Manga and the representation of Japanese history / edited by Roman Rosenbaum
- London ; New York : Routledge, 2013.
- Physical Description:
- xvii, 273 pages : illustrations ; 24 cm.
- Additional Creators:
- Rosenbaum, Roman
- Routledge contemporary Japan series ; 44
- Machine generated contents note: 1.Introduction: the representation of Japanese history in manga / Roman Rosenbaum -- 2.Sabotaging the rising sun: representing history in Tezuka Osamu's Phoenix / Rachael Hutchinson -- 3.Reading Showa history through manga: Astro Boy as the avatar of postwar Japanese culture / Roman Rosenbaum -- 4.Representations of gendered violence in manga: the case of enforced military prostitution / Erik Ropers -- 5.Maruo Suehiro's Planet of the Jap: revanchist fantasy or war critique? / Rachel Dinitto -- 6.Making history herstory: Nelson's son and Siebold's daughter in Japanese shojo manga / Ulrich Heinze -- 7.Heroes and villains: manchukuo in Yasuhiko Yoshikazu's Rainbow Trotsky / Emer O'Dwyer -- 8.Making history: manga between kyara and historiography / Matthew Penney -- 9.Postmodern representations of the pre-modern Edo period / Paul Sutcliffe -- 10.`Land of kami, land of the dead': paligenesis and the aesthetics of religious revisionism in Kobayashi Yoshinori's `Neo-Gomanist Manifesto: on Yasukuni' / James Mark Shields -- 11.Hating Korea, hating the media: Manga Kenkanryu and the graphical (mis-)representation of Japanese history in the Internet age / Raffael Raddatz -- 12.The adaptation of Chinese history into Japanese popular culture: a study of Japanese manga, animated series and video games based on The Romance of the Three Kingdoms / Benjamin Wai-Ming NG -- 13.Towards a summation: how do manga represent history? / Roman Rosenbaum.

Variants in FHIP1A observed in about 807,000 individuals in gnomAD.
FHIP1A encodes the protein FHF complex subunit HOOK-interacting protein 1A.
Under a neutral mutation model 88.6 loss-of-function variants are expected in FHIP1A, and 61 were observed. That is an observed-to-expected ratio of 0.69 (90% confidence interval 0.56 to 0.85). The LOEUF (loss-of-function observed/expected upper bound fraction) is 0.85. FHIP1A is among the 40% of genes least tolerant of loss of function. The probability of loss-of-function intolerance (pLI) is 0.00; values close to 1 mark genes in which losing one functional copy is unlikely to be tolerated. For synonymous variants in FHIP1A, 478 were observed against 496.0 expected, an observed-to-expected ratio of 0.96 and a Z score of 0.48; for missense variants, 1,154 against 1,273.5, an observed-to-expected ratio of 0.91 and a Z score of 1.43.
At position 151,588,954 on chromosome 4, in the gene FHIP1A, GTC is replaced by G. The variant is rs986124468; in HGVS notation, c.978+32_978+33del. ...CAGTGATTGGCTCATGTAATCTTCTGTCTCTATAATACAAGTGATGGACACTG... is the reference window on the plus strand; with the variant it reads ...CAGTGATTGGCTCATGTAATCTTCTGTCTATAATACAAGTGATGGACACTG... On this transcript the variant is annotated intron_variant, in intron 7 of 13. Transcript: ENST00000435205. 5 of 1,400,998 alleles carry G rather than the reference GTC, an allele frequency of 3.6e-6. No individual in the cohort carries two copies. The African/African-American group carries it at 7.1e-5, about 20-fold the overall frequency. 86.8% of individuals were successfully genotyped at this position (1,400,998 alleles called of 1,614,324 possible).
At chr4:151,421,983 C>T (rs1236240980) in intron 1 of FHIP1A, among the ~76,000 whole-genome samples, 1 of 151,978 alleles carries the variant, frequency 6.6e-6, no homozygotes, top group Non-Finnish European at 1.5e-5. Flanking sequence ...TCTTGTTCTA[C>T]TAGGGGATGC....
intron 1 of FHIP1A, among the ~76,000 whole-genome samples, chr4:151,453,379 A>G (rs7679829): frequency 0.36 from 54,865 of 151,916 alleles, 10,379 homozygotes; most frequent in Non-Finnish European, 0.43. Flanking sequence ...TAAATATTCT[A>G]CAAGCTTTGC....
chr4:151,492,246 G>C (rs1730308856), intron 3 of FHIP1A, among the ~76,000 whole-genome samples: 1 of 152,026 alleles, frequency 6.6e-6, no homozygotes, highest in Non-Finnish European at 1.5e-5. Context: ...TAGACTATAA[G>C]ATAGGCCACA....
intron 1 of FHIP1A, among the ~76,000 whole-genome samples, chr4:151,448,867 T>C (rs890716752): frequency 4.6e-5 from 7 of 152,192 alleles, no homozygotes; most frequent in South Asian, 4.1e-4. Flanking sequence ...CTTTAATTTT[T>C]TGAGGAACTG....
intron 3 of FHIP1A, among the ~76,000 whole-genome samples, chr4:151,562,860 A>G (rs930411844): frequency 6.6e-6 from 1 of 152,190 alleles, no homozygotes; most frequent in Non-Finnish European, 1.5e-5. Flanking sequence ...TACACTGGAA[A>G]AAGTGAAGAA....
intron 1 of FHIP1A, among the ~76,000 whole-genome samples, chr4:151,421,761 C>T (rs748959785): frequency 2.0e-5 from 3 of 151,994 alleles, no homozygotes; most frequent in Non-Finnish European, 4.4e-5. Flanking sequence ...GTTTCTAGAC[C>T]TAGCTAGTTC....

- "This edited collection explores how graphic art and in particular Japanese manga represent Japanese history. The articles explore the representation of history in manga from disciplines that include such diverse fields as literary studies, politics, history, cultural studies, linguistics, narratology, and semiotics. Despite this diversity of approaches all academics from these respective fields of study agree that manga pose a peculiarly contemporary appeal that transcends the limitation imposed by traditional approaches to the study and teaching of history. The representation of history via manga in Japan has a long and controversial historiographical dimension. Thereby manga and by extension graphic art in Japanese culture has become one of the world's most powerful modes of expressing contemporary historical verisimilitude. The strategy of combining the narrative elements of writing with graphic art, the extensive narrative story-manga and its Western equivalent of the graphic novel, reflects the relatively new soft power of 'global' media, which have the potential to display history in previously unimagined ways. Boundaries of space and time in manga become as permeable as societies and cultures across the world. Each of the articles in this book investigates the authorship of history by looking at various different attempts to render Japanese history through the popular cultural media of the story-manga. As Carol Gluck, Tessa Morris-Suzuki, Susan Napier and others have shown, it has never been easy to encapsulate the complex narrative of emperor-based cyclical Japanese historical periods. The contributors to this volume elaborate how manga and by extension graphic art rewrites, reinvents and re-imagines the historicity and dialectic of bygone epochs in postwar/contemporary Japan. "--
"This edited collection explores how graphic art and in particular Japanese manga represent Japanese history"--
- 9780415694230 (hardback)
- Bibliography Note:
- Includes bibliographical references and index.
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